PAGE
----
|Barron's Bakery, Cappoquin, Waterford|
Apparently it is “impossible to go into a bakery and just come out with a loaf of bread” which is certainly the case with Barron's Bakery in Cappoquin, in County Waterford, a small, sleepy town on the river Blackwater, backed by the Knockmealdown mountains.
Serving Cappoquin and the wider community now for over 125 years, Barron’s Bakery is a much loved institution that has survived against all the odds.
“The supermarkets ruined it for the small bakeries”, Esther Barron, tells me as we stand chatting in front of the oldest working Scotch Brick Ovens in Ireland, which are fired up daily to bake the hand molded loaves of bread on ‘a falling heat’ which is entirely regulated by experienced hands, to produce the finest bread in Ireland today.
There is simply no comparison between ‘factory made’ bread and Barron’s bread. Only the finest flour and yeast are used following an age old tried and trusted process that cannot be compared to cheap, additive laden, ingredients and mass produced products. In Italy and France small independent bakeries still dominate, with a 90 percent chunk of the bread market while in Ireland, it is sadly the other way around. But change is slowly on its way with a renewed interest in good quality food and an anti-recessionary spirit inspired to ‘shop local’ in an effort to support not only local businesses and jobs but to breathe life back into rural communities.
Barron's Bakery has been at the heart of Cappoquin since 1887 when John Barron started a small bakery there on the square, on completion of a five-year apprenticeship at Touraneena and a short stint in America in 1885. His son Joe took over the business in 1940, married to Joan the hardworking couple had five daughters, the youngest Esther is now at the helm with her husband Joe Prendergast. She is forever indebted to a beloved Aunt Hester whom she credits with the business acumen which led to its success, which definitely rubbed off on her niece.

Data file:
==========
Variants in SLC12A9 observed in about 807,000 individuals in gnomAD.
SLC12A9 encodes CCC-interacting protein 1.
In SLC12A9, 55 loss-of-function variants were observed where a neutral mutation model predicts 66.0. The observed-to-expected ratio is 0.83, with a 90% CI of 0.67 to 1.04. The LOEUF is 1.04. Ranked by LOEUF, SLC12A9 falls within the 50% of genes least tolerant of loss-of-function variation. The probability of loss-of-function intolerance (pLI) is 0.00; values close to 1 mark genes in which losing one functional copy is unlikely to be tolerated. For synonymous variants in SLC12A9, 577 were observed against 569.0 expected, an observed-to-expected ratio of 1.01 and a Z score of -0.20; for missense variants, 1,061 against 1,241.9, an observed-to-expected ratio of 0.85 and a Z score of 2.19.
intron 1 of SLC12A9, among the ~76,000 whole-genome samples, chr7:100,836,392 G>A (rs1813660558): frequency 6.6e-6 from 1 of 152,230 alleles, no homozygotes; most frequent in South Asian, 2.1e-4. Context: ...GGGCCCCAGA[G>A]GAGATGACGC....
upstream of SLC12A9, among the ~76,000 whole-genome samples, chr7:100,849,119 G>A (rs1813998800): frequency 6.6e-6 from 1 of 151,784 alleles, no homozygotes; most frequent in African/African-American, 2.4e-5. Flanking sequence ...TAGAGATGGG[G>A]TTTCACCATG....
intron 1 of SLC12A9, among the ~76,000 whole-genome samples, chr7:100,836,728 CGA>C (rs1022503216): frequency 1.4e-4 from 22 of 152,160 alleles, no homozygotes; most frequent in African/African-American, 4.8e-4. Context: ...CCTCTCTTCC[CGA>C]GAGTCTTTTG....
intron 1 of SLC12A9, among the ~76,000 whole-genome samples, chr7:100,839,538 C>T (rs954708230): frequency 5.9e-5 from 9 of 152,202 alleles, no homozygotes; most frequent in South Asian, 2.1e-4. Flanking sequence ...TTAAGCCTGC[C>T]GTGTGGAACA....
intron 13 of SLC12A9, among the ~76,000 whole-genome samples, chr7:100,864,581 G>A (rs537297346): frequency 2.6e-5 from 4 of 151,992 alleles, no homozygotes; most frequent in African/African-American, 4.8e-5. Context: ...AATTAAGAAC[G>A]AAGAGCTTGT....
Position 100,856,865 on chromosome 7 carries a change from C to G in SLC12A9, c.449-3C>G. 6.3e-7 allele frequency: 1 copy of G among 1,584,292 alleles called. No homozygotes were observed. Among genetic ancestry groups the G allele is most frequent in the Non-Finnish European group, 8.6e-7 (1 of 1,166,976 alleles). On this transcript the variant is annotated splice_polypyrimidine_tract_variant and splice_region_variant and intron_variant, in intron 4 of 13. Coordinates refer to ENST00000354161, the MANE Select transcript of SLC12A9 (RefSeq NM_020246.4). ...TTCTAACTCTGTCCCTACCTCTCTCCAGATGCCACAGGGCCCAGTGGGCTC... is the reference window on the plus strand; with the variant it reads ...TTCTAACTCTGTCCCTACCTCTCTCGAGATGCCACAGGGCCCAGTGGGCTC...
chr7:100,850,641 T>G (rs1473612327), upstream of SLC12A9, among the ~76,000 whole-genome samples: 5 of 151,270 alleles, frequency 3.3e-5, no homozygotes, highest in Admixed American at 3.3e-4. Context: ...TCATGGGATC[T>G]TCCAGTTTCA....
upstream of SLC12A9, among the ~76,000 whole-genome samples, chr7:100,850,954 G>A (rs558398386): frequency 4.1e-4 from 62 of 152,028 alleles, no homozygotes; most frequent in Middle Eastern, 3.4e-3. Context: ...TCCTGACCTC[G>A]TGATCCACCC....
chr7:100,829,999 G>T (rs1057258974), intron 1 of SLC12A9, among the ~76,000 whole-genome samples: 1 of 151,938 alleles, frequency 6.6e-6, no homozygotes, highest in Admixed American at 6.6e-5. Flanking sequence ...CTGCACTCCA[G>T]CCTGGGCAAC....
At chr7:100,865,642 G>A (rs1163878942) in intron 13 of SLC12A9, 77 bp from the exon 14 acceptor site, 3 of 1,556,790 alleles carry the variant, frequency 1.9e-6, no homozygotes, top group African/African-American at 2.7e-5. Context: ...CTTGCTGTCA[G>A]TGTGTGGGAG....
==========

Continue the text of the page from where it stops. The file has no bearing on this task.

But no one individual can take the credit, Esther is quick to point out how it was very much ‘a hands on’ family operation were every child and visiting cousin was expected to row in and lend a hand, whether it was counting eggs, loading the bread van or helping out with deliveries. A great employer many generations of Cappoquin people were and still are employed in the bakery alongside other non-nationals who filled a gap when emigration or lack of interest in hard graft, took its toll.
Barron's Bakery has certainly endured its fair share of ups and downs but with an extraordinary generosity of spirit led by its founder Joe, who Esther continues, received a tidy sum of conscience money (small bills owed) but never chased, after her father died in 1980. Reminiscing even further Esther remember the neighbors bringing in their turkeys to be roasted in the bread ovens on Christmas day, their own ovens being too small to fit turkeys at the time, God be with the days.
Sweltering in the (still) ambient heat of the cooling ovens a warm glow sweeps over you of similar small businesses from your own childhood that were the lifeblood of communities, sadly long gone, I wonder what is the secret? Family for sure, all pulling together when needed, with Mother keeping the kettle on or soup in the pot for hard working bakers, weary shop assistants and even delivery men. A tried and trusted process with no compromising on ingredients, knowing what the customer wants and responding to their requests, whether it's old fashioned (delicious) Chester cakes, scones, spotted dog (soda bread with fruit). But Esther insists and I will have to let her have the last word, that Barron's success is the directly result of the local people's loyal support. I wish I could have stayed there amongst them, drinking tea or Cappoquino's and having the chat as they say.
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